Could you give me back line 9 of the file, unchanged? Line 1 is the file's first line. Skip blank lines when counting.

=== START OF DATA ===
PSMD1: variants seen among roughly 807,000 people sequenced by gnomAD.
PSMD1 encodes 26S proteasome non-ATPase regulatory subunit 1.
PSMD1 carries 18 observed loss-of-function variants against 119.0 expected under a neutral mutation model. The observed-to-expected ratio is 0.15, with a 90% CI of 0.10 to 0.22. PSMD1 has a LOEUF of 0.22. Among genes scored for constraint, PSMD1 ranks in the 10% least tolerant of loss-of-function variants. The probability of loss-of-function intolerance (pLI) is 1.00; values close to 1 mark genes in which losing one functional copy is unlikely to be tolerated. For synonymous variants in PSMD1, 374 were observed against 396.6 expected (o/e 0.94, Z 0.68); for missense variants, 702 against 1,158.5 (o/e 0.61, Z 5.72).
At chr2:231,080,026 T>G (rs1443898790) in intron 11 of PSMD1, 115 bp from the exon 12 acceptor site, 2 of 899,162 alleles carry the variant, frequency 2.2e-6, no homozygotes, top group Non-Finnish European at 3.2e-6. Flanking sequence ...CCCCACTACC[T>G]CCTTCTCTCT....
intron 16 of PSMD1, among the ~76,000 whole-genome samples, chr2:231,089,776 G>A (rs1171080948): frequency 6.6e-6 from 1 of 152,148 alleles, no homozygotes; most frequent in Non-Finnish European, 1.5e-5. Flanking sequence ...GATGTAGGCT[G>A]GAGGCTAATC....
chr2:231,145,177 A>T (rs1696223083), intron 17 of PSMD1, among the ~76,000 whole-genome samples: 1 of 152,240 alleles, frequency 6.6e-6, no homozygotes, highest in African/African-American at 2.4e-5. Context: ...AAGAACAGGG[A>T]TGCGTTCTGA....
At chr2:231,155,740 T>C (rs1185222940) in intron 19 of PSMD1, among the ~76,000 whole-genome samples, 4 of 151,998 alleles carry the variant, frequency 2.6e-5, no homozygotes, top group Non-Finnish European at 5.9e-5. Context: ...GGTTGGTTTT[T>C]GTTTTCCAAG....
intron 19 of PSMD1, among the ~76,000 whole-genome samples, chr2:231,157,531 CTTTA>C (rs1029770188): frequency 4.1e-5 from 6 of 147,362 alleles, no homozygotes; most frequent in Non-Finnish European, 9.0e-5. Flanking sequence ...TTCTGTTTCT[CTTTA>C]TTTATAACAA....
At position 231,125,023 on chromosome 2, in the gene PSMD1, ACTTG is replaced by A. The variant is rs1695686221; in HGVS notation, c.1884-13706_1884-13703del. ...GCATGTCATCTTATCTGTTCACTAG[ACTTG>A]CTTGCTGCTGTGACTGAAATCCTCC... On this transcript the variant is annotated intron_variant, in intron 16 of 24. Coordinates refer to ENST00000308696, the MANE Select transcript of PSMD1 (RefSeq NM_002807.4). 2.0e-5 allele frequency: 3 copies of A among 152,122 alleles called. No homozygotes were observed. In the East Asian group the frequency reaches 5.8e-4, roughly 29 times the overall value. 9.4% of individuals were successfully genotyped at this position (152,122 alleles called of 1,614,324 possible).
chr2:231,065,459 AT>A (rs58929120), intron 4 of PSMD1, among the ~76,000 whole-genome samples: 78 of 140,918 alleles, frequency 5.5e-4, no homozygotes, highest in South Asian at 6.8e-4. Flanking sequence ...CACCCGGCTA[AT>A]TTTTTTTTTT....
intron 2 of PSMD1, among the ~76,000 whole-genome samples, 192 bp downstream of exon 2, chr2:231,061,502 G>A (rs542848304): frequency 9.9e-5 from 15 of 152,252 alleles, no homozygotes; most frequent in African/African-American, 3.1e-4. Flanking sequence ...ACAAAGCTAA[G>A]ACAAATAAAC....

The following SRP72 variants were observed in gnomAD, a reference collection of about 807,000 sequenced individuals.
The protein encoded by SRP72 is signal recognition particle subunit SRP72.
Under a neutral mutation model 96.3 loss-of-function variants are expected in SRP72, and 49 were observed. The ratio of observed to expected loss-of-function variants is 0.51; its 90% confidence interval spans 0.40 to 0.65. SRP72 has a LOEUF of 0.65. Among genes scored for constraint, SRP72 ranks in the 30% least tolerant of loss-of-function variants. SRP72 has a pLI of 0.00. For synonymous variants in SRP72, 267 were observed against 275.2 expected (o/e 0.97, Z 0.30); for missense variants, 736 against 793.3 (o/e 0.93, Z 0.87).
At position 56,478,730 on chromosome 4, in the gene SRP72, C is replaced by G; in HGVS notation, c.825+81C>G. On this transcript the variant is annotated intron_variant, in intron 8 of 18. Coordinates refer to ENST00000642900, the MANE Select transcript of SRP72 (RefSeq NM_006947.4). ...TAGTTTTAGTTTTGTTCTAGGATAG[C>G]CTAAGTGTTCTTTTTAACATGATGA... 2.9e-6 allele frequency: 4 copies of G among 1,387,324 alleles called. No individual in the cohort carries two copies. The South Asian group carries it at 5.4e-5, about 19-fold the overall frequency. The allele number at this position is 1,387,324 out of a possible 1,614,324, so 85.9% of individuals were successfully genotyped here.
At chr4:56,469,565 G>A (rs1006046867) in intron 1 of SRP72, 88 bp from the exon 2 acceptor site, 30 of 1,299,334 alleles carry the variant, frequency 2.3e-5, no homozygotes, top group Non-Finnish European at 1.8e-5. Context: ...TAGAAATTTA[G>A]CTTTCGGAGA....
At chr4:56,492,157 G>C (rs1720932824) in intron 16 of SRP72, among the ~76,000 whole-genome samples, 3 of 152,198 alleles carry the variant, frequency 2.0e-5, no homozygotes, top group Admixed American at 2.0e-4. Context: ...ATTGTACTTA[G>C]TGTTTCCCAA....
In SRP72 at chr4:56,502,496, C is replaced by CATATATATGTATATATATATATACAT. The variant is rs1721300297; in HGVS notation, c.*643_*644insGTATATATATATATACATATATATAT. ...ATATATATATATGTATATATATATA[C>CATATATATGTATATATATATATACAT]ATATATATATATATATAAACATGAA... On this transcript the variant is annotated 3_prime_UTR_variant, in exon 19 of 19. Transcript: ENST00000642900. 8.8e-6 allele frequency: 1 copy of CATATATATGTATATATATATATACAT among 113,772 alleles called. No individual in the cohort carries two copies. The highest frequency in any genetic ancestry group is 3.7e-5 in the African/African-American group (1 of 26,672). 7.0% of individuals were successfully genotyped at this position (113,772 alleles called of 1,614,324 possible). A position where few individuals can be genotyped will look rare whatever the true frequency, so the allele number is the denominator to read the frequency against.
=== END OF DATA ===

At position 231,125,023 on chromosome 2, in the gene PSMD1, ACTTG is replaced by A. The variant is rs1695686221; in HGVS notation, c.1884-13706_1884-13703del. ...GCATGTCATCTTATCTGTTCACTAG[ACTTG>A]CTTGCTGCTGTGACTGAAATCCTCC... On this transcript the variant is annotated intron_variant, in intron 16 of 24. Coordinates refer to ENST00000308696, the MANE Select transcript of PSMD1 (RefSeq NM_002807.4). 2.0e-5 allele frequency: 3 copies of A among 152,122 alleles called. No homozygotes were observed. In the East Asian group the frequency reaches 5.8e-4, roughly 29 times the overall value. 9.4% of individuals were successfully genotyped at this position (152,122 alleles called of 1,614,324 possible).